3. How further various waves of newcomers bring another overlay, much of which often is sourced from their original cultures and this too can cause conflict and a clash of values? How can we apply critical considerations to the inner and outer perceptions, appropriations and transmigrations?

Bibliographic References // Références Bibliographiques

- García-Esparza, J.A. 2019. Beyond the intangible-tangible binary in cultural heritage. An analysis from rural areas in Valencia Region, Spain. International Journal of Intangible Heritage. 14 (1): 123-137.

- García-Esparza, J.A. 2018. Are World Heritage concepts of integrity and authenticity lacking in dynamism? A critical approach to Mediterranean autotopic landscapes. Landscape Research, 43 (6): 817-830.

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Sustainability, resiliency and authenticity of rural landscapes. The forced relocation of inhabitants at a port in Terraba Sierpe wetlands, Costa Rica, and the ‘un-ruled’ practices in the abandoned landscape of Penyagolosa mountain, Spain.

The poster presented hereby is intended to establish a lively debate on the eventual interpretation of the dynamics in two specific rural landscapes and how their analysis depends on the ability to appropriately select and assimilate the transformations of the place. The two cases expose potential problems that arise when interpreting and managing these rural landscapes. Interpretations can be ‘colonial’ or ‘indigenous’. These approaches, therefore, aim to question why space is sometimes constructed under ‘conscious’ and ‘unconscious’ interpretations of imaginaries, behaviours, expressions, and adaptations which result in characteristic experimentations and transformations of the rural landscape.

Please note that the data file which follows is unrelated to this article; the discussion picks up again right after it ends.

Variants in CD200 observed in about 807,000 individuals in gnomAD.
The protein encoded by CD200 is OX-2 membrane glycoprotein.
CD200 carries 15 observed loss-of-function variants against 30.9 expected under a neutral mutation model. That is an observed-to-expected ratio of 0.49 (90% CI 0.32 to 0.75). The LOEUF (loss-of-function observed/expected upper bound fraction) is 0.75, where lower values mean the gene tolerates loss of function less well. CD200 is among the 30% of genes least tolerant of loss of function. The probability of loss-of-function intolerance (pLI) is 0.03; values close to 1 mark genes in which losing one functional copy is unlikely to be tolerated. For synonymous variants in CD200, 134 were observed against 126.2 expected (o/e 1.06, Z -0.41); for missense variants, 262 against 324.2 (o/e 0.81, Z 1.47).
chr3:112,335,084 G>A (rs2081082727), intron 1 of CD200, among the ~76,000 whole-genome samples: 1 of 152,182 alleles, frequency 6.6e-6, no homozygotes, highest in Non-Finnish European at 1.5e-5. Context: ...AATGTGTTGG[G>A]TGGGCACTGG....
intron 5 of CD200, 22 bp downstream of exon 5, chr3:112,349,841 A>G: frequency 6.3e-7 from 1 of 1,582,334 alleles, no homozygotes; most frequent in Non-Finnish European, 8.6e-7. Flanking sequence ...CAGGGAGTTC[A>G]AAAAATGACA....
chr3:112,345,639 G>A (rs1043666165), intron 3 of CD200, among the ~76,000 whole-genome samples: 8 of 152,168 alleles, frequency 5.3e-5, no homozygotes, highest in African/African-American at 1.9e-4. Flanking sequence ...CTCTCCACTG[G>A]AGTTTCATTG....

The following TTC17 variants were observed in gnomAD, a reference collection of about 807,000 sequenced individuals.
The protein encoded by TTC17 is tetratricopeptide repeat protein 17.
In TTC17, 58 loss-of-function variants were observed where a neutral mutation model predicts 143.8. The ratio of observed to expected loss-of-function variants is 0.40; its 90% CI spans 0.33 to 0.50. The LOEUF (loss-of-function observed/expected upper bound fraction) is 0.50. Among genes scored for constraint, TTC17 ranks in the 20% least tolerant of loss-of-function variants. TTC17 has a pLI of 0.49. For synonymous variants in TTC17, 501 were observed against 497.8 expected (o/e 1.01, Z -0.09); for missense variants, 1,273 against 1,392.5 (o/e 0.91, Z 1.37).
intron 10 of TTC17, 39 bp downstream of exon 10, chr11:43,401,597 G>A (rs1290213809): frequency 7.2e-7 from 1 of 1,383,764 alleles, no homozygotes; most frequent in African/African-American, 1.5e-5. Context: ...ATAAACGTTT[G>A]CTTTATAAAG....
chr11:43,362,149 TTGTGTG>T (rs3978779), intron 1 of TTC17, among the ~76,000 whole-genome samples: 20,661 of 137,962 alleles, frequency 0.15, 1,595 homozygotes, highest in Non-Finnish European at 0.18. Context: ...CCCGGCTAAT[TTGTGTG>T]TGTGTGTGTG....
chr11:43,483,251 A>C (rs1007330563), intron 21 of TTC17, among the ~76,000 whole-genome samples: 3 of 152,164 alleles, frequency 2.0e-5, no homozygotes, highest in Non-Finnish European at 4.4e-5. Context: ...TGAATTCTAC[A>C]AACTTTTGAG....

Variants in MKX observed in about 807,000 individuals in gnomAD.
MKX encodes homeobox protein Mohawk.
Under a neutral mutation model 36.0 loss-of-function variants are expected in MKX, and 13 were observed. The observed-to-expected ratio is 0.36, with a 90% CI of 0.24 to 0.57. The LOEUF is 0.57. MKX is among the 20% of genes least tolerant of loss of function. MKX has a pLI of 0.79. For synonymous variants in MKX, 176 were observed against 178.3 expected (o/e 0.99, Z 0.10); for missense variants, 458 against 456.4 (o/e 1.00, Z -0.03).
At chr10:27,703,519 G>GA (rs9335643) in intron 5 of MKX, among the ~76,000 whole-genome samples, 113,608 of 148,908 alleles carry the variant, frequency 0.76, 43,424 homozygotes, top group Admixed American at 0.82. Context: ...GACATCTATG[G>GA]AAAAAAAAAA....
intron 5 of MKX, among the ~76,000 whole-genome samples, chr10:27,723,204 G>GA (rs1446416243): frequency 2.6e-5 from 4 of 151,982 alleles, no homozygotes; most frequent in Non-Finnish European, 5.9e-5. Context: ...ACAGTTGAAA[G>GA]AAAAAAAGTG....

In this realm, the approach to the rural landscape in Costa Rica is contextualized by its sustainable development, the conservation of biocultural heritage and the resilience to climate change. This analysis seeks to consider ‘social sustainability’ and the need to reconsider what are the parameters that define the buffer zone of the World Heritage Sites at Terraba Sierpe wetland. Traditionally, the surrounding populations established patterns of coexistence in that wetland system, using natural channels as means of communication between the settlements and making artificial dykes to conduct the wastewater. Currently, these ancestral practices and the climate change reluctance premises have been ignored when carrying out the site management plan, the real needs and rights of its inhabitants have been ignored, forcing them to move to another site and leave behind their habitat, life forms and port city activities.